New Antidote For Heroin Overdoses Could Soon Be Carried By Cops And Carers
Every year, 16,000 people die from opioid-related overdoses, according to FDA commissioner Margaret Hamburg. With this in mind, the FDA's decision to approve a heroin overdose antidote could be groundbreaking. The antidote comes in a device called Evzio, which injects a case-specific dose of naloxone into the person suffering from the heroin overdose. Even more importantly, Evzio can be kept in a medicine cabinet at home.
Since the device — also known as a "hand-held autoinjector" — delivers just the exact amount of naloxone necessary to counteract the dose, anyone (a family member, a caregiver) can easily follow the instructions to give the overdose victim a quick dose of naloxone, a drug typically only used in ambulances or in emergency rooms.
That's not to say that Evzio is a one-size-fits-all antidote: the FDA has emphasized that Evzio shouldn't replace professional medical care. The device also can cause several side effects in some cases, including severe withdrawal in the heroin addict, which can lead to sweating and vomiting, or cardiac arrest and seizures in worst-case scenarios.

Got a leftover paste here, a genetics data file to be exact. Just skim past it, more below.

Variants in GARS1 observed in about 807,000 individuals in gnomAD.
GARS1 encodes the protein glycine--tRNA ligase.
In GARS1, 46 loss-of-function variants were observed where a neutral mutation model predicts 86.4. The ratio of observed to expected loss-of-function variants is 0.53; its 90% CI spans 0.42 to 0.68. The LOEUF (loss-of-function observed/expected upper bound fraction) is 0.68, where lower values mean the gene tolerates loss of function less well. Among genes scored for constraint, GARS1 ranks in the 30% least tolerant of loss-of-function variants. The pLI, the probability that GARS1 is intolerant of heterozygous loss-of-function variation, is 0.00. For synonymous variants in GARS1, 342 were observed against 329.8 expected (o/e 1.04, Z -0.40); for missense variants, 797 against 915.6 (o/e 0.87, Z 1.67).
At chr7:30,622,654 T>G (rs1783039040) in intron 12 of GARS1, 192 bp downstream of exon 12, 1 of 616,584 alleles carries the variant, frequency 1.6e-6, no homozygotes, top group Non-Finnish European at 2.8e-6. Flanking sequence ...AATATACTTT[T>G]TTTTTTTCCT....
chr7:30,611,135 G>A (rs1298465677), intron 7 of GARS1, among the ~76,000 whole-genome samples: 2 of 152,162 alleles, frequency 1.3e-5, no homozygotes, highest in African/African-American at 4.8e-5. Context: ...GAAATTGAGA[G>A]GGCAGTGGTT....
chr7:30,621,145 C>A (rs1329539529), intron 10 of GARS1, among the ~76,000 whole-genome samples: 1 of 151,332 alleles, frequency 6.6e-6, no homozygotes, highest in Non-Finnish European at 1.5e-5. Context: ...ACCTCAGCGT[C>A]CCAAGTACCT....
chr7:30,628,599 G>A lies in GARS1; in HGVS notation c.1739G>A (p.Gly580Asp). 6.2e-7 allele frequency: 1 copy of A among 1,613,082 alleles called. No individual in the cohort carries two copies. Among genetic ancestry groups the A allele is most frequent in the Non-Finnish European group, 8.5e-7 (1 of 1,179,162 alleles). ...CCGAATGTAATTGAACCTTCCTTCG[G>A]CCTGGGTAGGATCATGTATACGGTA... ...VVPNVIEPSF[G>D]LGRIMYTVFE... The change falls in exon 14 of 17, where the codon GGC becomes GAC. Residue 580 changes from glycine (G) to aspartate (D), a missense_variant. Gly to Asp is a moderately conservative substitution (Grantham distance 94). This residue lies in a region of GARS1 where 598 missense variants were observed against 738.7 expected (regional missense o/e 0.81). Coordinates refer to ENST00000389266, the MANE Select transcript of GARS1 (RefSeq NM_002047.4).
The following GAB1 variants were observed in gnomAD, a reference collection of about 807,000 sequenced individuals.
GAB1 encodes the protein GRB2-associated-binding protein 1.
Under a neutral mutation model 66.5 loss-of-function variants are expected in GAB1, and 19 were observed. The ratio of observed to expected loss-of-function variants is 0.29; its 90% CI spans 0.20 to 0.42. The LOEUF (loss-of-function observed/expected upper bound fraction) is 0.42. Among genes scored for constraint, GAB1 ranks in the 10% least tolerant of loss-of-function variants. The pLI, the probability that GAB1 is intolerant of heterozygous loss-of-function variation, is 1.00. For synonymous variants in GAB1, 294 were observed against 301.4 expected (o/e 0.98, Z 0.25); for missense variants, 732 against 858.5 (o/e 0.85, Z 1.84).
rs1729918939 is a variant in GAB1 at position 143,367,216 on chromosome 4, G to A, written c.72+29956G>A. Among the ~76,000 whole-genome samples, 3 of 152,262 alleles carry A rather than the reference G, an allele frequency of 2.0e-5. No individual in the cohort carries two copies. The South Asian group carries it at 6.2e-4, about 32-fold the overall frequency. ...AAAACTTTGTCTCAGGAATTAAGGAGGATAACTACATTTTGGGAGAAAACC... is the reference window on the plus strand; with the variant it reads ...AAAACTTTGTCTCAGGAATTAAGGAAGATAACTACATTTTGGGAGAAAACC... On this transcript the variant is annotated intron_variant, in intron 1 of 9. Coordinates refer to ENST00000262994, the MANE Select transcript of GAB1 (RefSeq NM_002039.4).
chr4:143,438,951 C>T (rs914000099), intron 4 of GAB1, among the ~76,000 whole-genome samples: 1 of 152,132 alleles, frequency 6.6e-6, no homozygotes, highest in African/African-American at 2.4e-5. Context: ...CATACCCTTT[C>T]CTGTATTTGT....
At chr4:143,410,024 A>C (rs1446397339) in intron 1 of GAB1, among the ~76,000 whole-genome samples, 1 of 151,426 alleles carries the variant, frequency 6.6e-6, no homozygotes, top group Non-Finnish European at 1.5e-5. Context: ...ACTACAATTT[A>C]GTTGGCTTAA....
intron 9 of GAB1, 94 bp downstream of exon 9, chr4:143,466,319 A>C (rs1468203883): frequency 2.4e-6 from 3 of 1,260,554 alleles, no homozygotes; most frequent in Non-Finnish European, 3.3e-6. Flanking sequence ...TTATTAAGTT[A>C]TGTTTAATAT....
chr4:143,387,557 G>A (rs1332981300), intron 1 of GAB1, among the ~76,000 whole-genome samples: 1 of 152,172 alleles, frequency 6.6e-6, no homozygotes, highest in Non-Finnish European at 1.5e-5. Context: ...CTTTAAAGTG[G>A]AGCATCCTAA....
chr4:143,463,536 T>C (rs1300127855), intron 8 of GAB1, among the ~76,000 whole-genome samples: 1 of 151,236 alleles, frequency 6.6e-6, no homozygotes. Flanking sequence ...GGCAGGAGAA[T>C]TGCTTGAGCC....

But even so, it appears Evzio will provide fast-moving treatment for overdose victims in times when an ambulance is not available or the victim is far from the emergency room. The antidote works by breaking down the opiate molecules that stick to a victim's brain during an overdose — molecules that can make the victim stop breathing.
The drug was initially going to be reviewed on June 20 of this year, but apparently the FDA decided to approve it two months ahead of time. As Hamburg told the Associated Press:
While the larger goal is to reduce the need for products like these by preventing opioid addiction and abuse, they are extremely important innovations that will help to save lives.
Even better news: the police may also start to carry Evzio very soon. On Thursday, The New York Times reported that New York State Attorney General Eric Schneiderman was pushing for a program that would allow cops to be equipped with Evzio, so when they're out on the job, they can save victims' lives. As of February this year, State Senator Kemp Hannon and Assembly Member Jeffrey Dinowitz also proposed a bill that would allow laypeople access to Evzio.
While the FDA has certainly approved Evzio, it appears that Evzio will still need the approval of some state legislatures before the average person can have access to it.